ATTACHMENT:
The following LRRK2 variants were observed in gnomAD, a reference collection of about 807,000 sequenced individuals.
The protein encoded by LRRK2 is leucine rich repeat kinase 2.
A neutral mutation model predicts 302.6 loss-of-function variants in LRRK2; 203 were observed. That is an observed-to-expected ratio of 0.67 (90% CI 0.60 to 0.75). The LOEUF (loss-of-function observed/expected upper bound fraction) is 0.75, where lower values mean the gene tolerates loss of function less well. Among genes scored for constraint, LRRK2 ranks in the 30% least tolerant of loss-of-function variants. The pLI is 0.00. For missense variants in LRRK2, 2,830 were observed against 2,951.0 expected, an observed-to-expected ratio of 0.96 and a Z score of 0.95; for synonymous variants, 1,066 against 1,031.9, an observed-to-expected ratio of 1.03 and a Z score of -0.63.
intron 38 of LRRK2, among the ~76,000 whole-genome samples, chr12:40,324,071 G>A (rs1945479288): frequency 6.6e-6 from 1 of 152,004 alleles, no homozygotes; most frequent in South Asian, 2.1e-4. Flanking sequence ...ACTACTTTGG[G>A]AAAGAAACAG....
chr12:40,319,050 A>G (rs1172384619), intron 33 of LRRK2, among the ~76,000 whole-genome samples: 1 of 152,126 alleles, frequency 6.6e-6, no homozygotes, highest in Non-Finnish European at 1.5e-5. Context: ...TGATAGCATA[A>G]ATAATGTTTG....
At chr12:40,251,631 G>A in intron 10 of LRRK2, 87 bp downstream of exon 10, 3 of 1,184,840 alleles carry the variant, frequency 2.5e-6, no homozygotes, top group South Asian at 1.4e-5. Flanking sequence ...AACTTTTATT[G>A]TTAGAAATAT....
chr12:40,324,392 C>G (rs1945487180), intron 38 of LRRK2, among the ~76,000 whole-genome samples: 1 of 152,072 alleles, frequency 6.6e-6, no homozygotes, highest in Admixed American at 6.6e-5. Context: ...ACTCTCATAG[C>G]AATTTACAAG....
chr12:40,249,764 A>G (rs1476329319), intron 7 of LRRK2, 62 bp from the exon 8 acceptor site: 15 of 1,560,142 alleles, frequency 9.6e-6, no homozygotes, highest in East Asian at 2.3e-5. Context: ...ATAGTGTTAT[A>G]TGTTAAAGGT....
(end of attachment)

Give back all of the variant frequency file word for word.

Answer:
The following LRRK2 variants were observed in gnomAD, a reference collection of about 807,000 sequenced individuals.
The protein encoded by LRRK2 is leucine rich repeat kinase 2.
A neutral mutation model predicts 302.6 loss-of-function variants in LRRK2; 203 were observed. That is an observed-to-expected ratio of 0.67 (90% CI 0.60 to 0.75). The LOEUF (loss-of-function observed/expected upper bound fraction) is 0.75, where lower values mean the gene tolerates loss of function less well. Among genes scored for constraint, LRRK2 ranks in the 30% least tolerant of loss-of-function variants. The pLI is 0.00. For missense variants in LRRK2, 2,830 were observed against 2,951.0 expected, an observed-to-expected ratio of 0.96 and a Z score of 0.95; for synonymous variants, 1,066 against 1,031.9, an observed-to-expected ratio of 1.03 and a Z score of -0.63.
intron 38 of LRRK2, among the ~76,000 whole-genome samples, chr12:40,324,071 G>A (rs1945479288): frequency 6.6e-6 from 1 of 152,004 alleles, no homozygotes; most frequent in South Asian, 2.1e-4. Flanking sequence ...ACTACTTTGG[G>A]AAAGAAACAG....
chr12:40,319,050 A>G (rs1172384619), intron 33 of LRRK2, among the ~76,000 whole-genome samples: 1 of 152,126 alleles, frequency 6.6e-6, no homozygotes, highest in Non-Finnish European at 1.5e-5. Context: ...TGATAGCATA[A>G]ATAATGTTTG....
At chr12:40,251,631 G>A in intron 10 of LRRK2, 87 bp downstream of exon 10, 3 of 1,184,840 alleles carry the variant, frequency 2.5e-6, no homozygotes, top group South Asian at 1.4e-5. Flanking sequence ...AACTTTTATT[G>A]TTAGAAATAT....
chr12:40,324,392 C>G (rs1945487180), intron 38 of LRRK2, among the ~76,000 whole-genome samples: 1 of 152,072 alleles, frequency 6.6e-6, no homozygotes, highest in Admixed American at 6.6e-5. Context: ...ACTCTCATAG[C>G]AATTTACAAG....
chr12:40,249,764 A>G (rs1476329319), intron 7 of LRRK2, 62 bp from the exon 8 acceptor site: 15 of 1,560,142 alleles, frequency 9.6e-6, no homozygotes, highest in East Asian at 2.3e-5. Context: ...ATAGTGTTAT[A>G]TGTTAAAGGT....